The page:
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Obamacare & McCain’s health battle

Earl O. Hutchinson

Arizona Senator John McCain will get and deserves the best medical care he can get in his battle against brain cancer. Millions rightly will be pulling for his healthful recovery. But McCain’s health battle also casts an ugly glare on the hypocrisy and contradiction in the GOP’s relentless war against Obamacare. It starts with McCain. In August 2016, he was in a mildly tough fight for re-election to his sixth Senate term. The issue that McCain went after was health care — specifically, Obamacare. He bluntly told a Fox Business interviewer that Obamacare was “collapsing like a house of cards.”

This was not simply another case of a GOP senator taking a straight, hardline stance against the Affordable Care Act. McCain made it plain before he lashed out at Obamacare on Fox that health care should be mostly left to the free market. He ticked off a checklist of ways health care should function. It included such things as risk pools, greater interstate insurance availability and letting people opt out health care completely. McCain said that we must go back to “square one” with health care and take a “capitalistic approach to it.” He voted each time against various measures to scrap the Affordable Care Act.

Editor’s note

This column was written prior to the announcement that Sen. McCain would return to the Senate on Tuesday to vote in support of health care reform and work on other legislative priorities.

McCain has been as good as his word and belief about what health care should be and the limited role government should play. Between 1996 and 2007, he voted against every federal measure to either expand or strengthen health care coverage. That list includes funding for the State Children Health Insurance Program by increasing the tobacco tax, increases for AIDS prevention drug assistance, tax credits for long term and chronic health care needs, credits to small business owners for employee health insurance coverage and the extension of health care coverage to mental illness.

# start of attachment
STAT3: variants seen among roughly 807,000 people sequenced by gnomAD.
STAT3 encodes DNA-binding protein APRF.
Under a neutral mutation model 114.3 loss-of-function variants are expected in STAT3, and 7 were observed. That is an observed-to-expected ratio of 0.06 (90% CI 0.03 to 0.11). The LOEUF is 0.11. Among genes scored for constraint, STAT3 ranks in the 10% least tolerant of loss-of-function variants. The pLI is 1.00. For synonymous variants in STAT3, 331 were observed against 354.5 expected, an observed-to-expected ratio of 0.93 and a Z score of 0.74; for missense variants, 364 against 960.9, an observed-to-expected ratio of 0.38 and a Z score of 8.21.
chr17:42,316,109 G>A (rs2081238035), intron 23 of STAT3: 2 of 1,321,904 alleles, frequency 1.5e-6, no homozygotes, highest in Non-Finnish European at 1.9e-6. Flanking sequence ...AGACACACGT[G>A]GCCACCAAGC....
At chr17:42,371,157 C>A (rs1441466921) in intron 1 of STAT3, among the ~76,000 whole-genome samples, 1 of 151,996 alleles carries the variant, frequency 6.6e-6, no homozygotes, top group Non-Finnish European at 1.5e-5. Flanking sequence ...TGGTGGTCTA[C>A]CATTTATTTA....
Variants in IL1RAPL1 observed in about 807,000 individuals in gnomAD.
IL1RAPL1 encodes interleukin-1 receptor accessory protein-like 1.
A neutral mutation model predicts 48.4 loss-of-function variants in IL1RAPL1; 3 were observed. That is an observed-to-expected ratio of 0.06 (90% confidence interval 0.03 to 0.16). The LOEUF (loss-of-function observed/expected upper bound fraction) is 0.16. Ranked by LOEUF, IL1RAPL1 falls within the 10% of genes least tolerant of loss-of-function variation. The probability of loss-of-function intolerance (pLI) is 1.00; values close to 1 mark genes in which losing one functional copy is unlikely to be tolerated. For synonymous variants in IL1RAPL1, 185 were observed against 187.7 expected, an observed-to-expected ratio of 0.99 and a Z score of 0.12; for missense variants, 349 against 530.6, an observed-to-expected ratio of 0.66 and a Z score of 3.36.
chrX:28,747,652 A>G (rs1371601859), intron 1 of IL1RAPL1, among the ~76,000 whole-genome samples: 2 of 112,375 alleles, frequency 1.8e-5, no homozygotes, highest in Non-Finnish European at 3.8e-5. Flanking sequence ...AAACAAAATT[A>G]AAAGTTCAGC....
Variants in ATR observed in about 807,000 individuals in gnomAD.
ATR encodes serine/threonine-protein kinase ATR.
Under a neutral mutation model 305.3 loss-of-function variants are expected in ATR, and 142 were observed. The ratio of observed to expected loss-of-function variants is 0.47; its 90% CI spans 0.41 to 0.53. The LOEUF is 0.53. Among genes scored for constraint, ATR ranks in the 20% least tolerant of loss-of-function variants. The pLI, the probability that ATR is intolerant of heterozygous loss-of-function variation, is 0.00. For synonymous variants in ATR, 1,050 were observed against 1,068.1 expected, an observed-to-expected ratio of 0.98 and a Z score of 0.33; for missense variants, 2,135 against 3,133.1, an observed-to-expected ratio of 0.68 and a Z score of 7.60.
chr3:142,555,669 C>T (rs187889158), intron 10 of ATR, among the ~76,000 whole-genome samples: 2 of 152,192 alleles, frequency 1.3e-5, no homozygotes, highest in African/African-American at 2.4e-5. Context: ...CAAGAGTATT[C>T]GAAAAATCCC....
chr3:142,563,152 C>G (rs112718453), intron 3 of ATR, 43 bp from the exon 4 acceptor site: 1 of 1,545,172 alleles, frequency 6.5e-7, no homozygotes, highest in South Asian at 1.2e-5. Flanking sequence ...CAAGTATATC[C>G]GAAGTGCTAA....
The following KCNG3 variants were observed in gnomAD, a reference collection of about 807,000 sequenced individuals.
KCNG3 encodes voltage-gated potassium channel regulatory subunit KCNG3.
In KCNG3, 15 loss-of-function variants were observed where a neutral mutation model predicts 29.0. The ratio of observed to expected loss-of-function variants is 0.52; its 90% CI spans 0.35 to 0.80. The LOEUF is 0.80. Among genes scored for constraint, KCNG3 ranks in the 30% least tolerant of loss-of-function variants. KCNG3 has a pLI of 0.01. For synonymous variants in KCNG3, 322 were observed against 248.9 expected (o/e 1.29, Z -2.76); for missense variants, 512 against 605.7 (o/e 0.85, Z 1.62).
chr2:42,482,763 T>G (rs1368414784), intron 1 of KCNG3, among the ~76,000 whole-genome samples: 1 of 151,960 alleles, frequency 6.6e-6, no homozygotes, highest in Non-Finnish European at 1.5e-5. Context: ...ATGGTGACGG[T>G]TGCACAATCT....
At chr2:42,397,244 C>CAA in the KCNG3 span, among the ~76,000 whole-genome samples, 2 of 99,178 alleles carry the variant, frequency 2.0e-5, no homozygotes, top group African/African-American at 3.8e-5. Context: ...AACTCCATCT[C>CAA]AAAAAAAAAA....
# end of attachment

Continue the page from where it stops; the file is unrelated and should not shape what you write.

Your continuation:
In every case when a proposal was made to increase funding or expand a vital health care program, McCain could be counted on to oppose it. In contrast, the government will pay the bulk of the costs of McCain’s care. He also is eligible to receive limited medical services from the Office of the Attending Physician of the U.S. Capitol. And, since he is a military veteran, he can be treated free of charge at Washington, D.C. area hospitals, Walter Reed Army Medical Center and National Naval Medical Center. Again, all costs for his care will be paid by the government.

McCain’s proposals to replace Obamacare are simply another variation of what the GOP has plopped on the table. They are just as dreadful.

They include scaled down subsidies, tax credits, the expansion of high risk pools, health savings accounts, a provision that gives insurers the right to peddle insurance in any state they choose and creation of Association Health Plans to small businesses and risk pools. The subsidies would scrap the income-based measure that Obamacare imposes and replace it with age as the governing metric. That subsidy for the poorest and neediest was the linchpin of Obamacare. It made it possible for millions who couldn’t afford insurance at any price to purchase it for the first time. To get the tax credits a low-wage worker would still have to come up with the cash to purchase insurance. That would be problematic for many.

The high-risk pools that McCain touts supposedly would move thousands of medically-indigent people into pools to ensure low-cost access to coverage. But it would do just the opposite. The bulk of those in the pool would be the sickest and most in need of continuous medical treatment. They would pay more, not less, for that coverage.

Under the plan that McCain and other GOP senators have proposed, a staggering 23 million Americans would have been plucked from the health care rolls in the next decade. That’s according to a report from the Congressional Budget Office on the impact that ending Obamacare would have on the nation. Millions, of course, either had no insurance or went without coverage for a period during the course of a year or more before Obamacare kicked in. Many others who got coverage also lost that coverage, almost always because they couldn’t pay for it — or the insurer dropped them because of a medical condition that the insurer considered too costly to underwrite. The state of American health care was worse than abysmal for millions.

McCain’s claim that Obamacare is collapsing and that the private market will take care of all health needs has no basis in fact. The high quality of care he’ll get in his fight against cancer almost entirely at government expense proves that. McCain is the best argument that all should receive the same quality of care.

Earl Ofari Hutchinson is an author and political analyst.

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